Since the cybersecurity community last summer pointed to the Russian government as the culprit behind the hack of the Democratic National Committee, reasonable people have disagreed with that finding. Even after US intelligence agencies came to the same conclusion with “high confidence,” skeptics have called on those agencies to reveal more of the evidence that linked that political attack to the Kremlin.
The man who’s about to lead those intelligence agencies, meanwhile, hasn’t called for more evidence to be made public, or demanded an investigation, as have several of his Republican colleagues in Congress. Instead, president-elect Donald Trump has come to his own conclusions about the source of the attack. First, it was the Democrats themselves. Later, he said it could be Russia, but it could also be China, or it could be somebody sitting on their bed who weighs 400 pounds, OK?
He’s said Russian hackers probably accessed Hillary Clinton’s emails, and hoped they would release them. At times, he’s argued no one knows who hacked the DNC. Most recently, he’s said he possesses information about the hacking that he knows, but other people don’t, and that he would release it by Wednesday.
On Tuesday night, Trump wavered again, implying that his promised revelation was delayed because his intelligence briefing on the hacking incidents had been moved to Friday. (NBC News reported that briefing had always been scheduled for Friday.) Then, in another tweet Wednesday morning, he promoted a claim from WikiLeaks founder Julian Assange that the secret-spilling group’s source wasn’t the Russian government, accepting that claim without evidence while doubting his own classified intelligence briefings to the contrary.
All of that, according to critics in the intelligence and cybersecurity world trying to keep up with Trump’s head fakes, shows an incoming president who doesn’t merely disagree with his own intelligence agencies and the cybersecurity community, but actuallydoesn’t want to learnthe truth. “These arent the statements of someone whos interested in getting to the bottom of this,” says Susan Hennessey, a former NSA lawyer and current fellow at the Brookings Institution. “Its almost as if hes uninterested in the truth because he doesnt care if it happened or not. He doesnt see the value in understanding anything thats not politically useful to him.”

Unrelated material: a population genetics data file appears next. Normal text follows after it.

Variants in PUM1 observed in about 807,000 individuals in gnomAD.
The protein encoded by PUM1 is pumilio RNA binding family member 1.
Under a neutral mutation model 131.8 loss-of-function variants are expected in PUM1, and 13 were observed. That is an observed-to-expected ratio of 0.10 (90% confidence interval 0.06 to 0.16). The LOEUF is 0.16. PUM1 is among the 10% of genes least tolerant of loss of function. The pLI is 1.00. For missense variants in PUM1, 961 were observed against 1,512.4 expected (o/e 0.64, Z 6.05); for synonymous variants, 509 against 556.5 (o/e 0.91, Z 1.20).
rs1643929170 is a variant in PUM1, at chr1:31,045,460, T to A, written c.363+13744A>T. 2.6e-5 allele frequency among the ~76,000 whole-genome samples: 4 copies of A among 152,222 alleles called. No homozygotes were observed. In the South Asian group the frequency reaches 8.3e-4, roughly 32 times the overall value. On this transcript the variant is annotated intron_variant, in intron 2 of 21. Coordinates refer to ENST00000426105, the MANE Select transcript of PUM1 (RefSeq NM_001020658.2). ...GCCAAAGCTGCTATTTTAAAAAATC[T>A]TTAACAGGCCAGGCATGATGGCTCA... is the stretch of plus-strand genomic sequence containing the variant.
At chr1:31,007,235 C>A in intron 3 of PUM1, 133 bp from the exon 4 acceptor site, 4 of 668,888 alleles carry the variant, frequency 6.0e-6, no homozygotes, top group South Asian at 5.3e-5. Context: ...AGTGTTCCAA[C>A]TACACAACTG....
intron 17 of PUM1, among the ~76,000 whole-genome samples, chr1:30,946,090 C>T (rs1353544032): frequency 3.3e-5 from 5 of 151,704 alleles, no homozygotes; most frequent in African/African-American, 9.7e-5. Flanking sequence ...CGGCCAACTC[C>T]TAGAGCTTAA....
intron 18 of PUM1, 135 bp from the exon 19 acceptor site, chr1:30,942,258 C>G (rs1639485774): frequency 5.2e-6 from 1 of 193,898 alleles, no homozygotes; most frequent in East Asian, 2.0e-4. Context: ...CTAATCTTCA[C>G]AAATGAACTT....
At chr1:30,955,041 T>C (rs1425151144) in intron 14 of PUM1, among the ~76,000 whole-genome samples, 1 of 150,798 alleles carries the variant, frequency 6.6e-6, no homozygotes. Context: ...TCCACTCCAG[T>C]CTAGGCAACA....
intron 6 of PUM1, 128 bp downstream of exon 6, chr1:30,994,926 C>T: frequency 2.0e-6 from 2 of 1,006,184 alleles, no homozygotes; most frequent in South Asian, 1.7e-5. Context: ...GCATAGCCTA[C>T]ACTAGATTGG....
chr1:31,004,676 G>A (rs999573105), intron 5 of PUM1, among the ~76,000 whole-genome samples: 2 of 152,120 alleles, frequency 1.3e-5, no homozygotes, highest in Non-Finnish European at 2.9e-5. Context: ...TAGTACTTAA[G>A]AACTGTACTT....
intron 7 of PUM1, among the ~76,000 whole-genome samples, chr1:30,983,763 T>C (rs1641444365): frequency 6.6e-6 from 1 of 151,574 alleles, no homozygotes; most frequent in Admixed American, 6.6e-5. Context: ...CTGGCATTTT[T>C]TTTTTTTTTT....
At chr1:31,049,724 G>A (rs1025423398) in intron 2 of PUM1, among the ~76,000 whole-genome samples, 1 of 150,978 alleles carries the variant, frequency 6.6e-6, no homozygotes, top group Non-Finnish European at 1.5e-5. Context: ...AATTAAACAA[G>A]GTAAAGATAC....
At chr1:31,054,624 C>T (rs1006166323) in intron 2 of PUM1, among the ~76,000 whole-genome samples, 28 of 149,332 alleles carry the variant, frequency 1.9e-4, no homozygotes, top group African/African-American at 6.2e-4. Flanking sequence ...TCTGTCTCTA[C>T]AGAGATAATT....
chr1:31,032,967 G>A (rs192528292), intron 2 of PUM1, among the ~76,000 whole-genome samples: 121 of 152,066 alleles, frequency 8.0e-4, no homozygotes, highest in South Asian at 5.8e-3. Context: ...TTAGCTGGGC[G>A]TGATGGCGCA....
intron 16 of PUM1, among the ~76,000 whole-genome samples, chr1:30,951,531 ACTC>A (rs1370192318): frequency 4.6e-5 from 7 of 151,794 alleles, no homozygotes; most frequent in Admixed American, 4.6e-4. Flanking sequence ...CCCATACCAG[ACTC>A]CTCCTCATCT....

He doesnt see the value in understanding anything thats not politically useful to him.Former NSA lawyer Susan Hennessey
To be clear, the question of Russia’s involvement in the hack of the DNC, as well as the Democratic Congressional Campaign Committee and the emails of Clinton campaign staffer John Podesta, hasn’t yet been settled.President Obama has called on intelligence agencies to deliver a report that lays out the evidence fortheir findings, which is expected Friday.
But inthe meantime, here’s a brief history of all the strange, sometimes absurd and often contradictory comments Donald Trump has made about the most controversial hacker attack in recent memory.
June 15, 2016: A day after the Washington Post breaks the news that the Democratic National Committee has been hacked, allegedly by Russian spies, Trump’s team issues a statement: “We believe it was the DNC that did the ‘hacking’ as a way to distract from the many issues facing their deeply flawed candidate and failed party leader.” On the same day, a hacker calling himself Guccifer 2.0 says he’s given the hacked emails to WikiLeaks, and also publishes them himself, complete with telltale Russian-language formatting errors.
July 27, 2016: In a news conference, Trump addresses the Russian hacking scandal: “They hacked—they probably have her 33,000 emails. I hope they do,” he says. “Russia, if youre listening, I hope youre able to find the 30,000 emails that are missing.”
September 26, 2016: In the first presidential debate: “I don’t think anybody knows it was Russia that broke into the DNC. [Clinton’s] saying Russia, Russia, Russia, but I don’t—maybe it was. I mean, it could be Russia, but it could also be China. It could also be lots of other people. It also could be somebody sitting on their bed that weighs 400 pounds, OK?” Weeks earlier, according to NBC News, both Trump and Clinton had been given classified briefings by intelligence agencies that included “extensive” information about the hacking incidents, which implicated Russia.
October 10, 2016: Days after the Department of Homeland Security and the Office of the Director of National Intelligence release a unanimous assessment that the hacking incidents were authorized by “Russia’s senior-most officials,” Trump questions in the second presidential debate whether any hacking occurred at all. “I notice, any time anything wrong happens, they like to say the Russians,” he says. “Well, [Clinton] doesn’t know if it’s the Russians doing the hacking. Maybe there is no hacking.”